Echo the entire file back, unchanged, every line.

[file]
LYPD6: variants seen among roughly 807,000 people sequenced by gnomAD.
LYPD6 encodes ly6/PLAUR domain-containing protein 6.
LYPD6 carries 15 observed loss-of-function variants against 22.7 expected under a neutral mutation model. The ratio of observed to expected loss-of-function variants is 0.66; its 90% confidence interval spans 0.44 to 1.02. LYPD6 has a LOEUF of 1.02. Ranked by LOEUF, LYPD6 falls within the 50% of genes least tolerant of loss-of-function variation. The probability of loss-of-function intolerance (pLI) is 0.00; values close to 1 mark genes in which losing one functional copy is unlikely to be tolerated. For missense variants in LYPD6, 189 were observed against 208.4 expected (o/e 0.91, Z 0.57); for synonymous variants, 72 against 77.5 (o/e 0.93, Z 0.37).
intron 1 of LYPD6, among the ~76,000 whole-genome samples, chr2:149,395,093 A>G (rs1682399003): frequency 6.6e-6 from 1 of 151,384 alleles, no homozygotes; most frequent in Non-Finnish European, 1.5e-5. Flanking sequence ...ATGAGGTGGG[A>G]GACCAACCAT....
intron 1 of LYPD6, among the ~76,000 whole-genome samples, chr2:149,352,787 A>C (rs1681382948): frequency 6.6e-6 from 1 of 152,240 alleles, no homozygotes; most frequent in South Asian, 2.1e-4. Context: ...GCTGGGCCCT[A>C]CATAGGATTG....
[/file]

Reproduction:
LYPD6: variants seen among roughly 807,000 people sequenced by gnomAD.
LYPD6 encodes ly6/PLAUR domain-containing protein 6.
LYPD6 carries 15 observed loss-of-function variants against 22.7 expected under a neutral mutation model. The ratio of observed to expected loss-of-function variants is 0.66; its 90% confidence interval spans 0.44 to 1.02. LYPD6 has a LOEUF of 1.02. Ranked by LOEUF, LYPD6 falls within the 50% of genes least tolerant of loss-of-function variation. The probability of loss-of-function intolerance (pLI) is 0.00; values close to 1 mark genes in which losing one functional copy is unlikely to be tolerated. For missense variants in LYPD6, 189 were observed against 208.4 expected (o/e 0.91, Z 0.57); for synonymous variants, 72 against 77.5 (o/e 0.93, Z 0.37).
intron 1 of LYPD6, among the ~76,000 whole-genome samples, chr2:149,395,093 A>G (rs1682399003): frequency 6.6e-6 from 1 of 151,384 alleles, no homozygotes; most frequent in Non-Finnish European, 1.5e-5. Flanking sequence ...ATGAGGTGGG[A>G]GACCAACCAT....
intron 1 of LYPD6, among the ~76,000 whole-genome samples, chr2:149,352,787 A>C (rs1681382948): frequency 6.6e-6 from 1 of 152,240 alleles, no homozygotes; most frequent in South Asian, 2.1e-4. Context: ...GCTGGGCCCT[A>C]CATAGGATTG....